This text was initially published by Profweb under a CC BY-NC-ND 4.0 International licence, before Eductive was launched.

This real life story is a translation of a text published in Profweb’s French edition.

In my biology course, to limit plagiarism and cheating while listening to the needs of my students, I am currently experimenting with team exams. On Moodle, the students have 2 hours (in a 1 week period) to answer, as a team, 3 case study questions. I then interview each student to validate their individual demonstration of the competency. I am noticing that the results compare to that of a traditional in-class, supervised evaluation, but the risks of plagiarism or cheating are reduced and the students tell me that they are less stressed and understand the content better.

The trigger: plagiarism during remote evaluations

In the summer of 2020, I gave a distance course and was disappointed to notice that many students were cheating, namely by communicating with each other during evaluations that should have been done individually. I came to the following realisation: the traditional evaluation format does not work for online courses.

Since I had to revisit my evaluations, I decided to use an inclusive approach.

The idea of offering students to do their exam in teams looked promising. I figured that:

  • the evaluation would be less stressful for them
  • being able to discuss would allow them to reinforce and better integrate their learnings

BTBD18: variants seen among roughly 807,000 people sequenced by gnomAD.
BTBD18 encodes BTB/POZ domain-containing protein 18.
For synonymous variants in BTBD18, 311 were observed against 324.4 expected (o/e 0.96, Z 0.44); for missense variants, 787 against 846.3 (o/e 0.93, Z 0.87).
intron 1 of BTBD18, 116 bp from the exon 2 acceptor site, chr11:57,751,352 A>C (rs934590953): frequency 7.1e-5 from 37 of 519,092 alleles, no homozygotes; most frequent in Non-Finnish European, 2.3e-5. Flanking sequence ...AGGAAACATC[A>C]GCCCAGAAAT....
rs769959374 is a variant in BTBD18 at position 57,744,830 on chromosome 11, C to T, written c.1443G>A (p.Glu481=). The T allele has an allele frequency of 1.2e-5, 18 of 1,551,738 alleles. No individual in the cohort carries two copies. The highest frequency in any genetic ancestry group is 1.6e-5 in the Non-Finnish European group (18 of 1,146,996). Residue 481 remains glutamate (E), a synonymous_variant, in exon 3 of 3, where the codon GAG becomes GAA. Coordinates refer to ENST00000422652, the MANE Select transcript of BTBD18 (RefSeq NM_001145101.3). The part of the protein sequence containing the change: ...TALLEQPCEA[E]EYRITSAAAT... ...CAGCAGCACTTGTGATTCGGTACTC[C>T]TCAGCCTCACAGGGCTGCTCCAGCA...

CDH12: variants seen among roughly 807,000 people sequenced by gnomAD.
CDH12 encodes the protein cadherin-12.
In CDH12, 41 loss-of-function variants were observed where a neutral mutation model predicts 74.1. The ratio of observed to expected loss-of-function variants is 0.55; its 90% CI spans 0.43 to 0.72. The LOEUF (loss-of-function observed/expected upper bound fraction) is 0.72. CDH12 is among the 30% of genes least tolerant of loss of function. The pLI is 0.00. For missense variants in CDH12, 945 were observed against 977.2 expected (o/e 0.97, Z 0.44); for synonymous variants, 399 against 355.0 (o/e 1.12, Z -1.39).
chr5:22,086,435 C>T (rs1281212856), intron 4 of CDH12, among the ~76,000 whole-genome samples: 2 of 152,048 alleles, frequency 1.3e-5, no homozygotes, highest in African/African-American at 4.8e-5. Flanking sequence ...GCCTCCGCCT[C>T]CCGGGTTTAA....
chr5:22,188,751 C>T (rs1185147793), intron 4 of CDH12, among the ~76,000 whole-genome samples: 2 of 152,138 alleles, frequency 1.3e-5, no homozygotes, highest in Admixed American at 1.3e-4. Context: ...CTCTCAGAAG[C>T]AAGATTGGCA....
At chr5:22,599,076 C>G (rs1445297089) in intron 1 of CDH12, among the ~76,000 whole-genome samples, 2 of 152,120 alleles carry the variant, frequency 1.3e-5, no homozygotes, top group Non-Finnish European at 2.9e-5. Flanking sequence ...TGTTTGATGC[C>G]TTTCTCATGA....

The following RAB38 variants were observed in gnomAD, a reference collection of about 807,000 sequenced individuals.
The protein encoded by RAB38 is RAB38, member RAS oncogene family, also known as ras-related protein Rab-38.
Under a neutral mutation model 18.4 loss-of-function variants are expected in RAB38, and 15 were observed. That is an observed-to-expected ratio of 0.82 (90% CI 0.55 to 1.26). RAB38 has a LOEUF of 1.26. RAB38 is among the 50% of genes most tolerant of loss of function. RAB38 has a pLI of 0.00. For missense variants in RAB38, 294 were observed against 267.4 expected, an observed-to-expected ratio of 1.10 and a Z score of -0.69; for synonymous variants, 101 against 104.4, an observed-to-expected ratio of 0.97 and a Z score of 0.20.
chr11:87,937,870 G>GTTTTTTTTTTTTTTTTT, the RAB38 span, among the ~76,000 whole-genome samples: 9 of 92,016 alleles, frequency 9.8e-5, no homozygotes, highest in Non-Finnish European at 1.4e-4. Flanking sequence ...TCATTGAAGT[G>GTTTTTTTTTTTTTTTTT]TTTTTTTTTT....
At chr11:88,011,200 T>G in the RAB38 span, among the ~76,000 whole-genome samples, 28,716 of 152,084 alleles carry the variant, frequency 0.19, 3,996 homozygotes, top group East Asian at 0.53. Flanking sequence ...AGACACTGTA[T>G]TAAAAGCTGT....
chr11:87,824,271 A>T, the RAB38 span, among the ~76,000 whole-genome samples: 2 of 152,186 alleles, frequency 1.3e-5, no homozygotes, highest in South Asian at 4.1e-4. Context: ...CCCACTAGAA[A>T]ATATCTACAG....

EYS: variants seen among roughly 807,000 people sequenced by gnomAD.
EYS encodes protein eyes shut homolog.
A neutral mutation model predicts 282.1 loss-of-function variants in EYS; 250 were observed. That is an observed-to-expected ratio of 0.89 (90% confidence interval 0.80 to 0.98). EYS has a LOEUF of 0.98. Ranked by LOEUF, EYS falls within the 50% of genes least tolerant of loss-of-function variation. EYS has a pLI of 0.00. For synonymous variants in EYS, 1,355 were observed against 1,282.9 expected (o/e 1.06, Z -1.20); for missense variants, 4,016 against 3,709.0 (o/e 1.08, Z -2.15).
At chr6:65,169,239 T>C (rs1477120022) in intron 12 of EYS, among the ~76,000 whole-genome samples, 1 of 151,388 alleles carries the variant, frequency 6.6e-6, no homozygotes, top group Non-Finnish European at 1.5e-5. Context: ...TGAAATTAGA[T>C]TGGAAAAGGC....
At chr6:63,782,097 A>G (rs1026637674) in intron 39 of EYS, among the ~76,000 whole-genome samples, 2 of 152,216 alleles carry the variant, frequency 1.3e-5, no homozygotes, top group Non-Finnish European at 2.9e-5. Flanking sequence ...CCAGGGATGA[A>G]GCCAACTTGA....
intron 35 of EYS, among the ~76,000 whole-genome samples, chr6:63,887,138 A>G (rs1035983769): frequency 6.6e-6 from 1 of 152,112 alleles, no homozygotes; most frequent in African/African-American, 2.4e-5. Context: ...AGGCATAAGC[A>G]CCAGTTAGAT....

• the students would be less inclined to cheat

Since the evaluation is done as a team, the students collaborate and help one another, but I ask them demanding questions that require them to think and to confront their ideas. Analyzing, reasoning, demonstrating critical thinking skills: those are all competencies that you need to demonstrate in sciences!

Making the teams

At the start of the semester, the students of my Human Biology course (101-901-VA) did not know each other at all. I had them complete a questionnaire about their interests and hobbies. Based on the answers, I created teams of 4 students, grouping students who had similar interests. I do not know if it was the best way to proceed, but in about 80% of cases, it worked very well and created teams with interesting group dynamics.

The students worked with their teammates from the start of the semester. In fact, each team chose an experimental research project that spanned the semester. On the day of the exam, the teammates already knew each other well and were used to working together.

To be more inclusive, I offered to the students to do their exam (or research project) individually if they wanted to. My goal, by offering the students to do their exams in teams, was to reduce their stress. But, if a student is anxious or uncomfortable working with a team, it becomes counterproductive. I want to offer every student the opportunity to demonstrate their competencies in the best possible context.

Running the exam

The exam was accessible on Moodle for 1 week, but, once the students accessed it, they had 2 hours to complete it. I wanted to allow students to choose a good time to do the exam; a moment that would work for all the members of the team. The students completed one exam per team and wrote the names of all of the team members.

During the exam, the students had access to their computers and course notes, but could not consult other teams.